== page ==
Standout Suicide Squad character Harley Quinn takes centre stage in this zany, female empowerment action flick, proving that often villains are as captivating as their heroic counterparts.
Starring Margot Robbie, Mary Elizabeth Winstead, Jurnee Smollett-Bell, Rosie Perez, Chris Messina, Ella Jay Basco, Ali Wong, and Ewan McGregor
Even though Suicide Squad was by all accounts a highly flawed villains-take on The Avengers, there was one glittering jewel amongst all the sludge – and, to be fair, DC should be commended for thinking outside the box. The jewel in question is Harley Quinn, portrayed by Academy Award nominee Margot Robbie.
From the beginning, Birds of Prey is like a runaway freight train. Through the fragmented lens of our narrator, the narrative trajectory throws us around like a cat in a tumble dryer, as Harley struggles to deal with her breakup from the Joker. The humorous and frankly bonkers narration by Harley drives us through the first act, introducing us to her world as she is perilously thrown into danger once she announces she is no longer under the Joker’s protection. As the dark underbelly of Gotham emerges, Harley’s main enemy comes in the form of Roman Sionis (Ewan McGregor), a large crime lord whose lust for power knows no reach, and whose penchant for cutting off people’s faces is both horrifying and bizarre in equal measure.
The unusual narrative style somewhat conceals the lack of complex plot, as Harley bounces around to reveal the backstory of the new characters who we meet during the film. At particular points, we see moments occur that do not make sense, necessitating Harley going back and explaining, which is entirely in character for her lack of attention span.
The film is definitely held afloat by its stars. Robbie is simply electric as Harley Quinn, and clearly having the time of her life playing the zany and chaotic role. Supporting her is Jurnee Smollett-Bell, as Black Canary, a stoic and emotionally detached singer at Sionis’ club, who soon gets pulled into his inner circle when he promotes her to his driver, which puts her at odds with her own personal moral code. Mary Elizabeth Winstead stars as the supremely socially awkward and vengeful Huntress, while downtrodden police detective Renee Montoya (Rosie Perez) comes into her own once she becomes a vigilante. Joining them all together is the film’s MacGuffin, Cassandra Cain (Ella Jay Basco), who accidentally steals a vitally important diamond from Sionis. All of the ladies at the centre of the film bring a natural and authentic air to their roles, even when handling admittedly bizarre material.
Also captivating are the film’s villains – often an aspect that DC and Marvel films fall down on. While Sionis is still quite two-dimensional – we never quite get to grips with what his motivations are – he is lent new depths by Ewan McGregor, who simply devours every scene that he is in with his emotionally fragile and taut performance. The scenes with Sionis contained with in are incredibly uncomfortable, as the audience is continually unaware of what is going to happen next. The unpredictability makes him a frightening villain, even if he himself is somewhat unable to deal too much damage. Assisting him is his right-hand man Victor Zsasz (Chris Messina), who is also delightfully chaotic, though marginally less insane. While acting as Sionis’ assistant, Zsasz also behaves as somewhat of a caregiver to Sionis, especially when his emotions spiral out of control. It is this level of humanity that give what could have been completely unmemorable villains as highly compelling and enjoyable to watch.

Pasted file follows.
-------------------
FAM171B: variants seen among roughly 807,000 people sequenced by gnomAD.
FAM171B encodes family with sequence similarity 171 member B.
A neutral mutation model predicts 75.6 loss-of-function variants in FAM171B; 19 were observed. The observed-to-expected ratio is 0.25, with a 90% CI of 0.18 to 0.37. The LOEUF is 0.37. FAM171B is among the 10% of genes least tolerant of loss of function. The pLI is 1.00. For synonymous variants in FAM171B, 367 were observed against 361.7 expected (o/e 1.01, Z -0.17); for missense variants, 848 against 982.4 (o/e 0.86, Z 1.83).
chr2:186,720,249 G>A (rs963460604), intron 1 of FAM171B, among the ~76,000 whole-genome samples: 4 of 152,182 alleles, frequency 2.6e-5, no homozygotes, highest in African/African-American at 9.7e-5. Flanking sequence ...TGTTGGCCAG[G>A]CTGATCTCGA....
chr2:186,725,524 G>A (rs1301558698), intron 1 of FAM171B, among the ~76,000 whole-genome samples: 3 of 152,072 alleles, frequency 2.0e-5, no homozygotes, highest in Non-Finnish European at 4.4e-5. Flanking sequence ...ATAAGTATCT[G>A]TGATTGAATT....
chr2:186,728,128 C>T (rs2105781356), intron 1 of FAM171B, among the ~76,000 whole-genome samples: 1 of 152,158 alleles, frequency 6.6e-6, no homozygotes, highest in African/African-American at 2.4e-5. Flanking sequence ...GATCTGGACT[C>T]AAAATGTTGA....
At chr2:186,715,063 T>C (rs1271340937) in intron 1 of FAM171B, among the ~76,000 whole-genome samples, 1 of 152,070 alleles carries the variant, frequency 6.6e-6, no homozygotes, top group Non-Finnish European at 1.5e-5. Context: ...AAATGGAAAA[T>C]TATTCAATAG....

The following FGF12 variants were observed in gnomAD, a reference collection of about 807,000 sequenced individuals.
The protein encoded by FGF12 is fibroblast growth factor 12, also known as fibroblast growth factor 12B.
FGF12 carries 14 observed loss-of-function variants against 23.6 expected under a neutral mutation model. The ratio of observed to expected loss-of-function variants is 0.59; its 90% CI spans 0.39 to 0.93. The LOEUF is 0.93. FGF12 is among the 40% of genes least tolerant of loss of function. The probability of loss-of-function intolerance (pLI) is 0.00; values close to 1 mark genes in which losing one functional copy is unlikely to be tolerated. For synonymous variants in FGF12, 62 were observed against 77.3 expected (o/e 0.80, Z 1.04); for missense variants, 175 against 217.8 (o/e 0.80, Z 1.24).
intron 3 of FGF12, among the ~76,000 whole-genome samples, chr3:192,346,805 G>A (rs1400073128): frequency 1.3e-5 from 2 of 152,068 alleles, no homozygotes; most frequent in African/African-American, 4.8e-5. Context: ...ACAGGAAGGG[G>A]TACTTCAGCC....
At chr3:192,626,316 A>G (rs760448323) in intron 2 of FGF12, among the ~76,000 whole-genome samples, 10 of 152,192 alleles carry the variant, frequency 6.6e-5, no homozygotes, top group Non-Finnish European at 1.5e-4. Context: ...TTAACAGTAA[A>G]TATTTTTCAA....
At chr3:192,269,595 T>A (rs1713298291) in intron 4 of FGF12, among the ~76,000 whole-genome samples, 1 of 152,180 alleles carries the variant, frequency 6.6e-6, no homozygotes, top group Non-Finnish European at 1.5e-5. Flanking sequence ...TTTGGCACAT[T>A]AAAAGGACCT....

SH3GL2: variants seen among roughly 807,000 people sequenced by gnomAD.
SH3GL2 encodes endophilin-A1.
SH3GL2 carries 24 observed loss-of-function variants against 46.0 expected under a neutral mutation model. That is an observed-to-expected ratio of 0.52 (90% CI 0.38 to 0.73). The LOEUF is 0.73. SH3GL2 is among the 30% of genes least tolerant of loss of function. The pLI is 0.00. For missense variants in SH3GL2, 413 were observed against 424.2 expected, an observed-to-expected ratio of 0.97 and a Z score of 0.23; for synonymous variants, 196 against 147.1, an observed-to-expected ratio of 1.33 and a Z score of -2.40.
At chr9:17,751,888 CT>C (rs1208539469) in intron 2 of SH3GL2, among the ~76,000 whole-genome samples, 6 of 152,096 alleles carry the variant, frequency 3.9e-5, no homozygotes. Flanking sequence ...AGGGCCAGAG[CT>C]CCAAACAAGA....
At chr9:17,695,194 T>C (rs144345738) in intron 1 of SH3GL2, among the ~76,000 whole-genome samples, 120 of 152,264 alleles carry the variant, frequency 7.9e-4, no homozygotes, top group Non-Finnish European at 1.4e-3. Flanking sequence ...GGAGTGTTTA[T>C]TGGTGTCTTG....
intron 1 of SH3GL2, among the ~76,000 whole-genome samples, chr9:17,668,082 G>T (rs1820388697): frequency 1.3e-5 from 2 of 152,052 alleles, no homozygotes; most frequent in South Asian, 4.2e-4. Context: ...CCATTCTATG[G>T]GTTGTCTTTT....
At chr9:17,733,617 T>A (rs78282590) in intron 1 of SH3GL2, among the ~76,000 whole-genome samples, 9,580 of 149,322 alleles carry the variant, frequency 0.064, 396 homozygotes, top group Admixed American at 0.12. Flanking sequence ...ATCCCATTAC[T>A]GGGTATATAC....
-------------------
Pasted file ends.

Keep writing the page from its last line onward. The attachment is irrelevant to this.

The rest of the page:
Nicely complementing these stellar performances is the visual spectacle of the film. Gotham is given a smoky, neon sheen throughout the movie, and the visuals are consistently stunning. The third act action set, for example, is delightfully moody, shot in a fairground at nighttime. The costumes look fantastic on screen and the action sequences are acrobatic and realistic. The way that the action sequences are shot also helps with these sense, as few jump cuts are made, allowing us to appreciate the intricate choreography of the vigilantes. One particularly wonderful action sequence involves Harley Quinn storming a police station armed with a grenade launcher full of glitter bombs, creating a veritable feast for the senses.
Birds of Prey is a rollercoaster ride from start to finish. Barely pausing to catch its breath, it bursts from action sequence to action sequence in the blink of an eye. While the central characters revel in the chaos, it is more of a shame that we don’t really have the adequate time to truly love the characters in the midst of the action. However, in a world of films that are too long, Birds of Prey leaves the audience wanting more, further cementing in the minds of the viewer the beguiling charisma of Harley Quinn.